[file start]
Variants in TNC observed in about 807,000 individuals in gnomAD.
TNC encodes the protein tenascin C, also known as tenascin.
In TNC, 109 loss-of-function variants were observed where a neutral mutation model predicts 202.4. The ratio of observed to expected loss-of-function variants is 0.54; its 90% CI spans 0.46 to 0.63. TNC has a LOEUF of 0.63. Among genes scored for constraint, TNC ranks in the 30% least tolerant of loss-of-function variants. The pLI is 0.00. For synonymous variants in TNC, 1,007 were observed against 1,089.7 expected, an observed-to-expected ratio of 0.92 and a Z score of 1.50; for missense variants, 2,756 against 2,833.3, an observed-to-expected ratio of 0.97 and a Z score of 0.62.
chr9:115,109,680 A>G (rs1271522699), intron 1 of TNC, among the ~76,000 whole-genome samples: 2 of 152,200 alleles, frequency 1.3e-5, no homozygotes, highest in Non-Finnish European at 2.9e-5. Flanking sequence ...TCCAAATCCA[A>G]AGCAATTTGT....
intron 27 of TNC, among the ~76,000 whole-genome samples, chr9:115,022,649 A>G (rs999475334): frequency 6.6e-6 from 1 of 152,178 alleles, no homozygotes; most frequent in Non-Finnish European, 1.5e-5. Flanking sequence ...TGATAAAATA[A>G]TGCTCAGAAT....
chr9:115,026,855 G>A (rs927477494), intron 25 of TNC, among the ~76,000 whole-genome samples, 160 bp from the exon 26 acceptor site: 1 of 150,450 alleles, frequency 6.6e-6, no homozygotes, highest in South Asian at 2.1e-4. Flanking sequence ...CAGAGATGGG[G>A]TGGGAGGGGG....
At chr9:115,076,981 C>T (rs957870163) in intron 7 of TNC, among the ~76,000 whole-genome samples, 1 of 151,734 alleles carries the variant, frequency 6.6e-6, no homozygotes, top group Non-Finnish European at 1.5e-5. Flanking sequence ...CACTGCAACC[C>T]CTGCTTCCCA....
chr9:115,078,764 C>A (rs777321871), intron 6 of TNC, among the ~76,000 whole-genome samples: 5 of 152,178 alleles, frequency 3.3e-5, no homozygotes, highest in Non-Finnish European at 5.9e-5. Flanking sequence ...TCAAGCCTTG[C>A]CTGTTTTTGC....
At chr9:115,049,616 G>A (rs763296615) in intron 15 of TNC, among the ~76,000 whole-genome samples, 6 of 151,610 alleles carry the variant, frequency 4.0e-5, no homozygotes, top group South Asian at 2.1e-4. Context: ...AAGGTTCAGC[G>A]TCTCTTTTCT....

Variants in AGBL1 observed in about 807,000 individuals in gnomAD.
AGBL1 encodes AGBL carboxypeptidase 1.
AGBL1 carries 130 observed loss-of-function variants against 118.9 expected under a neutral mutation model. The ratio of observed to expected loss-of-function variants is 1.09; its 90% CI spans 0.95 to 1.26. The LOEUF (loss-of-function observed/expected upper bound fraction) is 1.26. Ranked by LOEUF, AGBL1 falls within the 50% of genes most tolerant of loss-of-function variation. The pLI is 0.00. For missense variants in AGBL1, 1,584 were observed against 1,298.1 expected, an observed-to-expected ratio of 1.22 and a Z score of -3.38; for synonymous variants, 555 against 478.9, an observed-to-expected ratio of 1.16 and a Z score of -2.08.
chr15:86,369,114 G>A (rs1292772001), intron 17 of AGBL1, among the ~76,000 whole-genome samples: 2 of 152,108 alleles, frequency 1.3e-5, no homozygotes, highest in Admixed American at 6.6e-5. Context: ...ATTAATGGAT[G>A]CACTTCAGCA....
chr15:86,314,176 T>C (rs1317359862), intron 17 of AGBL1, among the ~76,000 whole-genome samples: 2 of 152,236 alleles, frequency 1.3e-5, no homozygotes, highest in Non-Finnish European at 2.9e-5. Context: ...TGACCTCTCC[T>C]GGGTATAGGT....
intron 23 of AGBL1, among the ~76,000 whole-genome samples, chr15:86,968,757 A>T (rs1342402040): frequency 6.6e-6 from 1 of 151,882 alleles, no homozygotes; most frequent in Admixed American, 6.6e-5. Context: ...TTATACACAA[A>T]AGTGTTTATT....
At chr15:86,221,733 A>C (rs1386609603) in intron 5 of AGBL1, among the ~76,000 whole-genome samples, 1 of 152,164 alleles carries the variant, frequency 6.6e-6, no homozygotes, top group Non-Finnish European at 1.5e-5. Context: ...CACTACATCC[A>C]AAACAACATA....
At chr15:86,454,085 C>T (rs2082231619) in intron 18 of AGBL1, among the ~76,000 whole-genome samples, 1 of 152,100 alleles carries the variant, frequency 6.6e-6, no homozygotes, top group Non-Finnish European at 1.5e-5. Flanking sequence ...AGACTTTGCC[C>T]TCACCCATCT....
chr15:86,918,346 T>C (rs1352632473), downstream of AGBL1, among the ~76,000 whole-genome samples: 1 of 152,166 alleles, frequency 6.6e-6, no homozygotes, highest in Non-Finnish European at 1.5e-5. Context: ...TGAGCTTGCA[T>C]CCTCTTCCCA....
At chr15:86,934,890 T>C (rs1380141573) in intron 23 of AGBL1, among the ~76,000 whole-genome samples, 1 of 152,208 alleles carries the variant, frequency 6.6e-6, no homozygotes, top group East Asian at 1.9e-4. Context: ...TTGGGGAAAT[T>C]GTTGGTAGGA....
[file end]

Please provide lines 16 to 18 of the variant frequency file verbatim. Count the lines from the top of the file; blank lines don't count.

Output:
At chr15:86,221,733 A>C (rs1386609603) in intron 5 of AGBL1, among the ~76,000 whole-genome samples, 1 of 152,164 alleles carries the variant, frequency 6.6e-6, no homozygotes, top group Non-Finnish European at 1.5e-5. Context: ...CACTACATCC[A>C]AAACAACATA....
At chr15:86,454,085 C>T (rs2082231619) in intron 18 of AGBL1, among the ~76,000 whole-genome samples, 1 of 152,100 alleles carries the variant, frequency 6.6e-6, no homozygotes, top group Non-Finnish European at 1.5e-5. Flanking sequence ...AGACTTTGCC[C>T]TCACCCATCT....
chr15:86,918,346 T>C (rs1352632473), downstream of AGBL1, among the ~76,000 whole-genome samples: 1 of 152,166 alleles, frequency 6.6e-6, no homozygotes, highest in Non-Finnish European at 1.5e-5. Context: ...TGAGCTTGCA[T>C]CCTCTTCCCA....